Battle Creek’s Historic Adventist Village Has New Directors

Mark and Becky Johnson replaced Don and Betty Scherencel, who retired after 12 years.

Brenda Kis and Mark Kutzschbach, for Lake Union Herald
Battle Creek’s Historic Adventist Village Has New Directors
Mark and Becky Johnson recently moved to the Historic Adventist Village to become site directors and tour guides. [Photo: Adventist Heritage Ministries]

Mark and Becky Johnson recently moved to the Historic Adventist Village in Battle Creek, Michigan, United States, to combine their love of people, history, and Adventist heritage. They will be caretakers and tour guides of the historic site.

Mark grew up in Ashland, Wisconsin. His Adventist roots go back to the early 20th century. When his family came through the Depression, they hung onto church publications that formed the basis for young Mark’s reading material later on. He came to love the Seventh-day Adventist pioneers and what they had experienced.

His parents believed in Adventist education and home-schooled him in the early elementary school years before it was popular to do so. Mark’s mother was a trained teacher and his father a freelance naturalist who worked with universities and the Field Museum of Natural History in Chicago, as well as giving lectures around the country as a herpetologist.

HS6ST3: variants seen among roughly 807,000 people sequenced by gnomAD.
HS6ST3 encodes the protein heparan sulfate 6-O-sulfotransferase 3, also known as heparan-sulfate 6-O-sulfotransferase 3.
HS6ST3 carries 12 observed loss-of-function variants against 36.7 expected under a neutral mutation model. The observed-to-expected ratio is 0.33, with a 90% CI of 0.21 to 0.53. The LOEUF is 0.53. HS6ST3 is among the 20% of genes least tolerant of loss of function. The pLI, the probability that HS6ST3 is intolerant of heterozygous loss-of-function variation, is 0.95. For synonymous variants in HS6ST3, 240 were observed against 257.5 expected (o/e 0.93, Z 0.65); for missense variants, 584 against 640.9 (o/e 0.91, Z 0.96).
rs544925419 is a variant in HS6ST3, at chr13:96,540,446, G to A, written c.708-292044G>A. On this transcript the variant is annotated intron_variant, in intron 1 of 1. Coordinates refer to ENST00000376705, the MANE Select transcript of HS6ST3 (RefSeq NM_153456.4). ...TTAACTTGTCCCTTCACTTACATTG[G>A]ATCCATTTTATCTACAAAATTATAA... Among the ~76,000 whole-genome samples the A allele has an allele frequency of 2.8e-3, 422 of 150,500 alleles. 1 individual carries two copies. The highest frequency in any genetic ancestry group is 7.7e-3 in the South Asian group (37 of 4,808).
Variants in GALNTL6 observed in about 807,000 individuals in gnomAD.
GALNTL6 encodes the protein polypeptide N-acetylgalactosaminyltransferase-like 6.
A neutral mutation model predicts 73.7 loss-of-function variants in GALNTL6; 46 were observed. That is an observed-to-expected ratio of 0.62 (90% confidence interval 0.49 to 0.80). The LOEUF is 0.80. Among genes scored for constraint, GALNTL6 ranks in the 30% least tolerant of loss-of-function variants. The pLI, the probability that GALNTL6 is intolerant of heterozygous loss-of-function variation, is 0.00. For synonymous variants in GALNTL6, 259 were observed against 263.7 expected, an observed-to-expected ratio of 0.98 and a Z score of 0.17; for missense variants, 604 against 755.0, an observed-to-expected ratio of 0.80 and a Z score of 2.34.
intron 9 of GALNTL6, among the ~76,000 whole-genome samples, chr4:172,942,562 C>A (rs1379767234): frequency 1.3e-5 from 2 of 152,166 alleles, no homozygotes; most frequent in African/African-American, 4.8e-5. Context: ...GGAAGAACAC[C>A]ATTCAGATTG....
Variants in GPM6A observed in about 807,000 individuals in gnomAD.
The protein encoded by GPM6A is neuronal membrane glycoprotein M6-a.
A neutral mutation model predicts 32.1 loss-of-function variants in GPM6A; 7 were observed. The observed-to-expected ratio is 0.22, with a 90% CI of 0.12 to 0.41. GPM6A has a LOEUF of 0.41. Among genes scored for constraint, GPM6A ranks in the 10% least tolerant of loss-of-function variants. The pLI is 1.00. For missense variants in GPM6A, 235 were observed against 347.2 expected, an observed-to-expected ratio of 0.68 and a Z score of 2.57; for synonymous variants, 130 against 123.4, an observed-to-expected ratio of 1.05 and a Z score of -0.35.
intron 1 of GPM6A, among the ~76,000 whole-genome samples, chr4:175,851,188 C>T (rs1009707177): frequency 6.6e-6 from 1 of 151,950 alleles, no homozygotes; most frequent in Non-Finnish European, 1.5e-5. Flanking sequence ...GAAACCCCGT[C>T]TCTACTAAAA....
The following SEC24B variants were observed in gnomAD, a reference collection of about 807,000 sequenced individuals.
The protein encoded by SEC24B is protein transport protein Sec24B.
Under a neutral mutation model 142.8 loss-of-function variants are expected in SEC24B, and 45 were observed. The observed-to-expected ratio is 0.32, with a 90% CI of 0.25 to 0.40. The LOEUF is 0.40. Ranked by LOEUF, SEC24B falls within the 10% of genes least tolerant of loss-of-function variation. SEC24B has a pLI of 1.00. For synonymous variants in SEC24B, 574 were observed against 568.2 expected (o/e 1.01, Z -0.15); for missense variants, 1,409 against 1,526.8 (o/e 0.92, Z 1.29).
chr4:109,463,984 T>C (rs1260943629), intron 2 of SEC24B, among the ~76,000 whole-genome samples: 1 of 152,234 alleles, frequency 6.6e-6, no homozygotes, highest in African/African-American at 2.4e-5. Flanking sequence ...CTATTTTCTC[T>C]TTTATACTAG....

When Mark had to transfer to a church school, they sent him to the closest one, in Superior, Wisconsin, a one-hour bus ride each way every morning and evening. His next step was Maplewood Academy in Minnesota, and from there he went to Union College in Nebraska, where his grandparents lived. There he met Becky, a California girl with Canadian roots. 

From 1974 to 2024, Mark and Becky answered God’s call to serve in ministerial work in many places. Starting in Missouri, they moved to Indiana, then Ontario in Canada, on to California, up to Saskatchewan, back to Indiana, then Missouri again, Iowa, British Columbia, Alberta, and finally Ontario once more. At this time, Mark was president of the Seventh-day Adventist Church in Canada (Canadian Union Conference) after years of experience as a pastor, evangelist, communication director, conference secretary, conference president, and more.